MONCLER Gemma Rouge FW2015 Collection

MONCLER Gemma Rouge FW2015 Collection features a gripping British plot while Giambattista Valli has turned his attentions to the truest British style, reinventing its tenets and breaking them up. To do so he has freely created a sophisticated mosaic of formal quotes, comprising traditional British fabrics such as colourful tartans and the clean graphic lines of the «Prince of Wales» check, with the rough elegance of country tweed.

The meticulous masculine spirit of Savile Row blurs into a contemporary take on a sporty yet feminine style, powered by futuristic technological research. The garment seams are heat-sealed, whilst surfaces are coated and cut using a laser; the fabrics recall the finest traditional British materials using tartan and mohair check, whilst neck-scarf prints are created on double-layer cottons.

The borders embroidered with heraldic motifs are striking, as is the camouflage embroidering with a mixture of textures such as check wool, mohair, technical mesh and patent. Heat-sealed embroidered flowers are cut and applied using both graduated and all over approaches.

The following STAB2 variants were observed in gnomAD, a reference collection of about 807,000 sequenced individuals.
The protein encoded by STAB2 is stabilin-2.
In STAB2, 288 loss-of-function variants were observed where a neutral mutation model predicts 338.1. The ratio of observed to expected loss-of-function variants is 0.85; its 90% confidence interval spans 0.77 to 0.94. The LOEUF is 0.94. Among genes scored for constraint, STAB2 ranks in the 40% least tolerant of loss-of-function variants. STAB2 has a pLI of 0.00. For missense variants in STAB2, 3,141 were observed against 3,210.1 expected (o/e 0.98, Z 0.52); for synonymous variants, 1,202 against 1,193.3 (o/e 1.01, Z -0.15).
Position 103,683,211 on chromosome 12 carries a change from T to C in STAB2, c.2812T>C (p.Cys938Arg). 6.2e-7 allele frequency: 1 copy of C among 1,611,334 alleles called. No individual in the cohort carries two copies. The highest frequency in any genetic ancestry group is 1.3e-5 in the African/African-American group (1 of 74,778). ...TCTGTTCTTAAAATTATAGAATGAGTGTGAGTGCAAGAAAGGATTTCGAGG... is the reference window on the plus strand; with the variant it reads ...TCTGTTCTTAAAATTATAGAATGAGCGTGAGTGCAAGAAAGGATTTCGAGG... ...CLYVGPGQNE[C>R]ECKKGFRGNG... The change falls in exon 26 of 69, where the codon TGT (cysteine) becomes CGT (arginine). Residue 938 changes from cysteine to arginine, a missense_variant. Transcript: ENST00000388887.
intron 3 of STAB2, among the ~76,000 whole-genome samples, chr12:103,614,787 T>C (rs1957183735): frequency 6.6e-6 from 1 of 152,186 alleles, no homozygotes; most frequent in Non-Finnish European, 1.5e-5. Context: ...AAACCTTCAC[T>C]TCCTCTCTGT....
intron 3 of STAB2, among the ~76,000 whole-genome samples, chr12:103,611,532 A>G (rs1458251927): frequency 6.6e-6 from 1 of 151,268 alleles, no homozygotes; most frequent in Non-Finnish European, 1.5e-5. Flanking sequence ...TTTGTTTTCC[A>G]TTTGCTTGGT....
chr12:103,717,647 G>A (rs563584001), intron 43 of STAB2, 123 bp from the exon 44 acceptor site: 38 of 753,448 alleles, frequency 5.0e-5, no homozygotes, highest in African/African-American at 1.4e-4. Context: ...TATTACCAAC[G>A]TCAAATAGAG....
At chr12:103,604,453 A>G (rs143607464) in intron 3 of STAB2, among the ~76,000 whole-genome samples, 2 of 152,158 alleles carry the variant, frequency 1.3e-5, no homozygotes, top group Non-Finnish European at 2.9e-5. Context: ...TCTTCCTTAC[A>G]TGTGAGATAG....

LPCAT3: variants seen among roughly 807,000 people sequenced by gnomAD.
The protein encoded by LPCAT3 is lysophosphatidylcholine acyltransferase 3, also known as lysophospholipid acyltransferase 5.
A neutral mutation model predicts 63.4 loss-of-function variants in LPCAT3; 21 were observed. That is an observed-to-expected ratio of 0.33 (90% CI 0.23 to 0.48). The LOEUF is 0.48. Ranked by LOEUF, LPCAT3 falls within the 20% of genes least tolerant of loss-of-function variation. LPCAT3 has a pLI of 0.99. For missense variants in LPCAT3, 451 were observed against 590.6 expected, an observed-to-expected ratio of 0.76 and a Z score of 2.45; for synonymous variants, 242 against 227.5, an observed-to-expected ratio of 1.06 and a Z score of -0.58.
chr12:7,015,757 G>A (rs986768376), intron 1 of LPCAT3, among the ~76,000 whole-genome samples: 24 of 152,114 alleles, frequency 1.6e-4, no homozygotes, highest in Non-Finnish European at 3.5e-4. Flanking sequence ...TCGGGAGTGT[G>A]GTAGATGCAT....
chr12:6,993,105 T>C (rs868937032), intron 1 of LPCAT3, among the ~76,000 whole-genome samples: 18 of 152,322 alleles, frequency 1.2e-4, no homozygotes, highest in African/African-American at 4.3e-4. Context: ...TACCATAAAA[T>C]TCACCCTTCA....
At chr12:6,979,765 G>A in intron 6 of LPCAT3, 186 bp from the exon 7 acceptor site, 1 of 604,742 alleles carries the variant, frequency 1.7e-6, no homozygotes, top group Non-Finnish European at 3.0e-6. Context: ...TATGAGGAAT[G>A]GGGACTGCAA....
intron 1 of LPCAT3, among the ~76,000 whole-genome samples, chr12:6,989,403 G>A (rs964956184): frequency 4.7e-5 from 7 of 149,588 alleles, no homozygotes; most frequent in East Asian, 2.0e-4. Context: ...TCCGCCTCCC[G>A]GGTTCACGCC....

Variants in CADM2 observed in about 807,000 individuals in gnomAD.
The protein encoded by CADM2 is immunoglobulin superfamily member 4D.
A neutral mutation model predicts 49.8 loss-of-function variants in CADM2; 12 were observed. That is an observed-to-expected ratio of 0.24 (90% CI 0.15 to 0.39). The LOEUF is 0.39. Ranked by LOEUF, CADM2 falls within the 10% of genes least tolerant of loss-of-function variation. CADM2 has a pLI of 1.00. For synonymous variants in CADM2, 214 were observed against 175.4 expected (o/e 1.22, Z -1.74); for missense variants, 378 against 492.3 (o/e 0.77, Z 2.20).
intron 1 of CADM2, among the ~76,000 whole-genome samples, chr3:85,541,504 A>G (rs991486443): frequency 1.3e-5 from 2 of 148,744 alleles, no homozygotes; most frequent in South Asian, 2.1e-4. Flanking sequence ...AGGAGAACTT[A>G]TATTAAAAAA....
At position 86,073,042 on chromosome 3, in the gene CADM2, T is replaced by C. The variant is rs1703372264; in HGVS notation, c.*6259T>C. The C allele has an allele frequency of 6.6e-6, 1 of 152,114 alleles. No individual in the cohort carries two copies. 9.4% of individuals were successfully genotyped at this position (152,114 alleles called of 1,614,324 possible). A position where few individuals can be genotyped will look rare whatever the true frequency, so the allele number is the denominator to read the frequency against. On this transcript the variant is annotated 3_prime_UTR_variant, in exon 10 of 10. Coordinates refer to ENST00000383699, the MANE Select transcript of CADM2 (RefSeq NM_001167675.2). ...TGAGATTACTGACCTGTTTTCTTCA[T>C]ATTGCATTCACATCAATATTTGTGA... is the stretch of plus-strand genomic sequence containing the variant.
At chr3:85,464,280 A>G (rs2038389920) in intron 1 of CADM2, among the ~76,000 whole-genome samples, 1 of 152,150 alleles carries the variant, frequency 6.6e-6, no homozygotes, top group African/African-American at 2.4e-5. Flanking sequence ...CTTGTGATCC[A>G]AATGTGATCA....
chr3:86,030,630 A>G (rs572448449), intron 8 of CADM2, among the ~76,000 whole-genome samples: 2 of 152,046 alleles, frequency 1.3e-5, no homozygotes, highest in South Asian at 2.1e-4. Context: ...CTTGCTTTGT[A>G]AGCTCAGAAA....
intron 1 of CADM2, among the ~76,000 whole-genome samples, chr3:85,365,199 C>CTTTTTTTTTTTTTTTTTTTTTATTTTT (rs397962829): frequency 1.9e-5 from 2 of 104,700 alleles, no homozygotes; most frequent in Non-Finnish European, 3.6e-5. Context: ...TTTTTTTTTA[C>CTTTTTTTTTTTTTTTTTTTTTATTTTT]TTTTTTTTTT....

The creative effects are combined to create a weave made up of patchworks and overlapping elements, patterns and colours. The volumes see clear-cut designs that focus on the waistline, more important and pivotal than ever before. The haute couture spirit comes face to face with a sporting, laid-back vocation. The most emblematic item is the riding coat: it carries all the hallmarks of nineteenth-century style worked over with flair. Moncler Gamme Rouge FW2015/16 draws on the ritual of dressing for horse riding, on the appealthat combines sporting attitude and tradition with a healthy dose of snobbery, a touch of humour and tongue in cheek irony.

The woman Giambattista Valli has conjured up for the Moncler Gamme Rouge FW2015/16 collection is ready to strike out for a weekend of horse riding on a vast aristocratic estate in the English countryside. But she does it her own way, defying any classifications or clichés; she can allow herself the luxury of aesthetic challenges and extremely daring metropolitan colour contrasts. No doubt it is a game that would have gone down well with Nancy Mitford, the great novelist and eldest of Lord Redesdale’s legendary daughters. With her extraordinary existential restlessness and bold eccentricity, she positively dazzled in mid Twentieth century Britain.

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